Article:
Reasonable Compensation Exception
Linder's and JAA's fourth and fifth affirmative defenses, and Liz/Mar's third and fourth affirmative defenses, assert, in slightly varied language, that any fees paid to them were reasonable compensation in return for services rendered to or on behalf of the ERISA plans. Such defenses invoke ERISA § 408, which provides exemptions from prohibited transactions, including exemptions for receipt of reasonable fees or compensation for services provided on behalf of an ERISA plan. Specifically, § 408(b)(2) states: "The prohibitions provided in section 1106 of this title shall not apply to any of the following transactions: (2) Contracting or making reasonable arrangements with a party in interest for office space, or legal, accounting, or other services necessary for the establishment or operation of the plan, if no more than reasonable compensation is paid therefor." Additionally, § 408(c)(2) states: "Nothing in section 1106 of this title shall be construed to prohibit any fiduciary from — (2) receiving any reasonable compensation for services rendered, or for the reimbursement of expenses properly and actually incurred, in the performance of his duties with the plan; except that no person so serving who already received full-time pay from an employer or an association of employers, whose employees are participants in the plan, or from an employee organization whose members are participants in such plan shall receive compensation from such plan, except for reimbursement of expenses properly and actually incurred."
Plaintiff moves to strike the affirmative defenses invoking the § 408 exemption, arguing that the exemption applies only to violations of § 406(a), not violations of § 406(b). Therefore, plaintiff suggests that because she did not charge defendants with violation of § 406(a) — limiting her § 406 claims to § 406(b) — the § 408 exemption is inapplicable to this action. Plaintiff's argument has one major stumbling block — she did charge defendants with violations of § 406(a) in addition to violations of § 406(b). Specifically, Counts VI and VII charge JAA with unauthorized disbursement of travel and expense payments to its employees, in violation of § 406(a)(1)(D), and Count VIII charges JAA with disbursement of a loan to itself, in violation of § 406(a)(1)(B). Because Linder performed the fiduciary functions on behalf of JAA, and Liz/Mar is charged with derivative liability for the actions of Linder and JAA, Counts VI, VII, and VIII charge all relevant defendants with violations of § 406(a).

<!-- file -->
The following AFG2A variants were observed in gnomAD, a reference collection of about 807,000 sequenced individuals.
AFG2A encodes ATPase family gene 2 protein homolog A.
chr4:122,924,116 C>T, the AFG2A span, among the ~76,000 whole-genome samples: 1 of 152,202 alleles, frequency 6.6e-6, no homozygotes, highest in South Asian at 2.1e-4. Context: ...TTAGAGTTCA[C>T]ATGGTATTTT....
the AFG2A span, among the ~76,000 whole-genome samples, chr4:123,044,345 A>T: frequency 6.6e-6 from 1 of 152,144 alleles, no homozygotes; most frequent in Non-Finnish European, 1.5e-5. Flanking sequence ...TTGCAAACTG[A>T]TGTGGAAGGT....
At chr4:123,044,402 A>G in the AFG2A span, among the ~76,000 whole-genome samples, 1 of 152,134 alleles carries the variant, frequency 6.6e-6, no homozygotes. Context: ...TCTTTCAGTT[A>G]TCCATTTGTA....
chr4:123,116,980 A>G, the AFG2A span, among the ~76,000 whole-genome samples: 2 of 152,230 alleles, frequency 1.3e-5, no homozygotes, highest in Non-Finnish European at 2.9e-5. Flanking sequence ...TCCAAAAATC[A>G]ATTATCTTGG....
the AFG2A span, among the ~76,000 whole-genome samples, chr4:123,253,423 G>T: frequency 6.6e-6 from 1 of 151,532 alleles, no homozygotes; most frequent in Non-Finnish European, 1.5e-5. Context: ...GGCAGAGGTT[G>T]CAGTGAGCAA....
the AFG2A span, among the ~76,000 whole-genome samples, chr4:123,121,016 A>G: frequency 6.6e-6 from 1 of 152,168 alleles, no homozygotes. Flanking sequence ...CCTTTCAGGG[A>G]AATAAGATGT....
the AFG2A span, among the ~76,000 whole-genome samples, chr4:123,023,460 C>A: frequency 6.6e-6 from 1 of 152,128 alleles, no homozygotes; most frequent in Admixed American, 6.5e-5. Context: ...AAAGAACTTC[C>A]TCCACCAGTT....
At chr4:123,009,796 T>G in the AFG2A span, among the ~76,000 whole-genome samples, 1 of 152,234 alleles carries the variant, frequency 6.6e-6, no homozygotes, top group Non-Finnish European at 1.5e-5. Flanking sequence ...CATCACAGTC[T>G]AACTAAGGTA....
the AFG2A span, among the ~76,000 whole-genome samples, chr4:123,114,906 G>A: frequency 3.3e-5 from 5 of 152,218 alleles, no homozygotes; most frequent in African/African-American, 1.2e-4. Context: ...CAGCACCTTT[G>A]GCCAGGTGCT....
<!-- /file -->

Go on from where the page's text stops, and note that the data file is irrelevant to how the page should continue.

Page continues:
Plaintiff's argument is therefore confusing. Based on her brief, it appears that plaintiff's argument centers on the payment of fees (violations of § 406(b)) versus reimbursements and loans (violations of § 406(a)). Our reading of § 408(b)(2)'s allowance for "contracting or making reasonable arrangements," however, could be read to include more than solely straight fees, but also reasonable arrangements such as reimbursements and loans. Additionally, we read § 408(c)(2) to clarify and define § 408(b)(2) (see discussion infra), and § 408(c)(2) specifically allows for "the reimbursement of expenses properly and actually incurred, in the performance of his duties with the plan." The allegations in Counts VI, VII, and VIII could reasonably be read to fall into the definitions of § 408(b)(2) and/or § 408(c)(2). As we act within a notice pleading regime, we do not require plaintiff to assert further facts to clarify her intentions at this time. That means, however, that defendants' affirmative defense as against Counts VI, VII, and VIII cannot be dismissed at this point.